Then there’s the first professional sports league casualty of the health pandemic.

The “2.0” version of the XFL had five weeks’ worth of games in the books and a wave of momentum before announcing the suspension of the season on March 12.

At that point, the news wasn’t considered catastrophic. The league publicly emphasized that it was looking forward to returning in 2021 and playing “future years” as well. Considering owner Vince McMahon had initially pledged to fund the XFL for a minimum of three seasons, the statement rang true to both fans and league employees.

That made the events of April 10 a particularly bitter and surprising pill to swallow.

The day started with XFL president and COO Jeffrey Pollack holding a unilateral conference call with league administrative staff in which he issued a collective pink slip that no one saw coming. One former employee summed up the extent of the blindsiding by confirming to The Lines things had been going “full steam” in their department right up to that morning, even with games no longer being played.

The initial verbiage used in both the call and a public statement described the league as “suspending operations.” But subsequent reports citing unnamed league sources alleged there were no plans for a 2021-or-later return.

Any remaining hope of survival was then extinguished with a Chapter 11 bankruptcy filing on April 13. The league and its trademarks are up for sale as part of those proceedings. Matters have unraveled to the point that former commissioner Oliver Luck — now confirmed as the first official layoff on April 9 — is suing McMahon for wrongful termination.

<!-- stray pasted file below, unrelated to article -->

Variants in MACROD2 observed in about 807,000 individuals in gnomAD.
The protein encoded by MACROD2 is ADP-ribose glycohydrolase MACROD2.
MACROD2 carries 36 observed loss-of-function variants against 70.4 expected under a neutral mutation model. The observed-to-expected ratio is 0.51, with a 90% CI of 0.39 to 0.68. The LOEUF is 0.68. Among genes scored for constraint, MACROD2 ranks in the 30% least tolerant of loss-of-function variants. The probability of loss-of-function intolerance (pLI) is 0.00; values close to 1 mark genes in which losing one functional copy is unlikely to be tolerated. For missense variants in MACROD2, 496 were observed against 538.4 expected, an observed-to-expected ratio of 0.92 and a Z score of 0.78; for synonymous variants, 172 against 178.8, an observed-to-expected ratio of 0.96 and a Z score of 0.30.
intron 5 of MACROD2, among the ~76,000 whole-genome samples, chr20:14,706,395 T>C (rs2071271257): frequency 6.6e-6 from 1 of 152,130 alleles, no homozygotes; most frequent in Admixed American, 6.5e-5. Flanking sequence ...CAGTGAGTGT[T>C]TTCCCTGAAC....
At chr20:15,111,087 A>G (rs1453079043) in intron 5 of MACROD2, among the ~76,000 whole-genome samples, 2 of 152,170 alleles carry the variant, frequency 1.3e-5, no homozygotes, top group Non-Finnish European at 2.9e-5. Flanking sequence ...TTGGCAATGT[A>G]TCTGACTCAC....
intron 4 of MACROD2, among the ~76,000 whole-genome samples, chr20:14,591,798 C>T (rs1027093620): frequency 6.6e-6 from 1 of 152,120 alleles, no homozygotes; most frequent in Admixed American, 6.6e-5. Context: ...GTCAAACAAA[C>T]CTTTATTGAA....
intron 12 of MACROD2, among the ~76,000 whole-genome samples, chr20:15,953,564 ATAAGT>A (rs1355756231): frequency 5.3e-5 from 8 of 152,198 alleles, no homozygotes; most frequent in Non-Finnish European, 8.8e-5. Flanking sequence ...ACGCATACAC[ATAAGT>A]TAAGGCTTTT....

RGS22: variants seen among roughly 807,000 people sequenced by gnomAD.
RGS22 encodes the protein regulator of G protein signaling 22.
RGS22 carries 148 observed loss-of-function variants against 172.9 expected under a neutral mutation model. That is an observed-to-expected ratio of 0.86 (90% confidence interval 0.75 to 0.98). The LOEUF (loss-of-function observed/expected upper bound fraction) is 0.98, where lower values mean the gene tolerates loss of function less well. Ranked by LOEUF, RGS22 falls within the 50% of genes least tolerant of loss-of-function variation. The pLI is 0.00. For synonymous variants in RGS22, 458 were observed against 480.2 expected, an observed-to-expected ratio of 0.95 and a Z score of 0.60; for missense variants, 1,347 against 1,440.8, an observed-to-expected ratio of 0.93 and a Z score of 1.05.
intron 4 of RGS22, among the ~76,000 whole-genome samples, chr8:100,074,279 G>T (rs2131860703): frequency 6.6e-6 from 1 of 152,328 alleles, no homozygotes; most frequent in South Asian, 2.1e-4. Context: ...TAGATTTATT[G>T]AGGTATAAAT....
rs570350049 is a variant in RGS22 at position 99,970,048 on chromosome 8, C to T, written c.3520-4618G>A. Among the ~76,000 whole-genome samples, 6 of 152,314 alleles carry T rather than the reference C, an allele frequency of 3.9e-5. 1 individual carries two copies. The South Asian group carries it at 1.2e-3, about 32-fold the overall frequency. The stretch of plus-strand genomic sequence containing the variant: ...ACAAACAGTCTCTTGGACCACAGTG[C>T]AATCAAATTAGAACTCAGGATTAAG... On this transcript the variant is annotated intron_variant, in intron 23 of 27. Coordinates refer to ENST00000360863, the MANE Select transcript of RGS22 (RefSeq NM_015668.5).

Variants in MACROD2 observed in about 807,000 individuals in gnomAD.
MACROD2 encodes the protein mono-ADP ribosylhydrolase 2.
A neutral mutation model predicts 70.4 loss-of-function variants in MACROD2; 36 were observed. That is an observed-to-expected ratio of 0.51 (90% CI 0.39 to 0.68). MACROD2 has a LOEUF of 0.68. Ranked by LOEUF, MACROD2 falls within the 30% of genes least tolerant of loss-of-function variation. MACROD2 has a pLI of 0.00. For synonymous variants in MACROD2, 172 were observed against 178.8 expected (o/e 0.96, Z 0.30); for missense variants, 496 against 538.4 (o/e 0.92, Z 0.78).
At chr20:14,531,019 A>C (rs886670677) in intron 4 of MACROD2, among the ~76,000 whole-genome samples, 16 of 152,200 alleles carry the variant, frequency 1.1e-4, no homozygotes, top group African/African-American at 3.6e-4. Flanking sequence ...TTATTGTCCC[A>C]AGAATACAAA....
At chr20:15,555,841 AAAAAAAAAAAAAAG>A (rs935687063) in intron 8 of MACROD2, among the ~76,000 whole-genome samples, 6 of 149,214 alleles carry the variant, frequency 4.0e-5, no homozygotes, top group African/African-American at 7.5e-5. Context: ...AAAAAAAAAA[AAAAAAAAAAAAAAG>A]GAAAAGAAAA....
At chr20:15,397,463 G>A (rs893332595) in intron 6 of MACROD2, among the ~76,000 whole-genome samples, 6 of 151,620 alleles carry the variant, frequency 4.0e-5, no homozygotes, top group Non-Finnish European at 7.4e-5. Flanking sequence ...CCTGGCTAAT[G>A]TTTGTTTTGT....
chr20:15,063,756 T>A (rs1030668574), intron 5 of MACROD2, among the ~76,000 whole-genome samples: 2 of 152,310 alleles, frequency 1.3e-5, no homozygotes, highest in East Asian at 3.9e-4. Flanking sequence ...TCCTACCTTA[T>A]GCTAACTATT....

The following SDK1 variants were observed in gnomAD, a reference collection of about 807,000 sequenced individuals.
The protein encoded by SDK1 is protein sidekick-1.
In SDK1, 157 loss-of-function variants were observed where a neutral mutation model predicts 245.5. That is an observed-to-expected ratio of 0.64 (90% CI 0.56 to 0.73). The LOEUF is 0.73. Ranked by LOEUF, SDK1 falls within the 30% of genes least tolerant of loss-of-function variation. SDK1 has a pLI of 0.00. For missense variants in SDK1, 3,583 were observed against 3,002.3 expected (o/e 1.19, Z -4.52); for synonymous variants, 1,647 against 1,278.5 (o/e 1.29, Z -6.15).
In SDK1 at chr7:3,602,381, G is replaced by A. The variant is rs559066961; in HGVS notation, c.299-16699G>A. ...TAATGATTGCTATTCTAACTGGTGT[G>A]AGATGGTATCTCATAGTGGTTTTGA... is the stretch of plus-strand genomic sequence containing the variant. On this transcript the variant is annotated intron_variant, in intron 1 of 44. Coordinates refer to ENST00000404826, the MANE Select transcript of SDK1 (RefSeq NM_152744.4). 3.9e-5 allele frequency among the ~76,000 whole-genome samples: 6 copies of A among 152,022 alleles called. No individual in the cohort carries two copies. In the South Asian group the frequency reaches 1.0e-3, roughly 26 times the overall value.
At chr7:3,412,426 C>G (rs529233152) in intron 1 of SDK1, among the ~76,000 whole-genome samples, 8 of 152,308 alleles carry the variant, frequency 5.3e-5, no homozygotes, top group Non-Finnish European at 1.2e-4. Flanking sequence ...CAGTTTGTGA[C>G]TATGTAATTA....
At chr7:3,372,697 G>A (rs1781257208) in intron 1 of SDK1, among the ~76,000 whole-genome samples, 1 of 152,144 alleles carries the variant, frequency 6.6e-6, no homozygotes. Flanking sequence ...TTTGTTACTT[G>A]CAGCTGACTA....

The loss of the 2020 iteration of the league also has multiple sports betting ramifications.

To begin with, the XFL’s version of spring pro football proved to be significantly more popular compared to last year’s short-lived entrant, the AAF (Alliance of American Football). Week 1 of XFL handle was 20 times that of the entire seven-week 2019 AAF season.

The XFL was arguably also the first major sports league to engage in a full-on embrace of legal sports betting. Talk of point spreads and over/under totals, not to mention constant graphics regarding the same, were prominent during the league’s pregame shows and national broadcasts on FOX, ABC and ESPN.

And, the league was a pioneer among its pro sports counterparts on another front.

A month prior to its February kickoff, the XFL entered into an agreement with respected sports data company, Genius Sports, to formulate an integrity program pertaining to all aspects of betting on its games.

The fantasy sports analysis site

Now in its 23rd year, fantasy sports/sports betting site RotoWire has seen a thing or two, albeit, nothing quite like the current environment.

The company Northwestern alums Peter Schoenke, Herb Ilk and Jeff Erickson co-founded back in 1997 now has a reach in the fantasy sports realm more expansive than many of its subscribers might realize.

In addition to the robust offerings on its site, RotoWire, which this article’s author also contributes to, has developed myriad content syndication agreements over the years with a Who’s Who of the sports landscape: ESPN, Yahoo, NFL.com, DraftKings and FanDuel are among their industry partners.

The abrupt shutoff of the sports spigot created the potential for serious implications. However, the company has endured a pair of NBA and NHL lockouts apiece during its life span, among other challenges. Weathering these storms gave RotoWire a degree of veteran savviness that’s proving critical during the current state of affairs.

“We had been preparing for potential systemic disruptions for the fantasy sports industry over the next few years, as the most important risk factor was in play — the major sports leagues’ labor agreements,” Schoenke said.

Ironically, the NFL— the fantasy sports and sports betting proverbial cash cow — achieved labor peace for the next decade just before mass disruption unfolded. Yet, RotoWire’s propensity for contingency planning still comes in handy.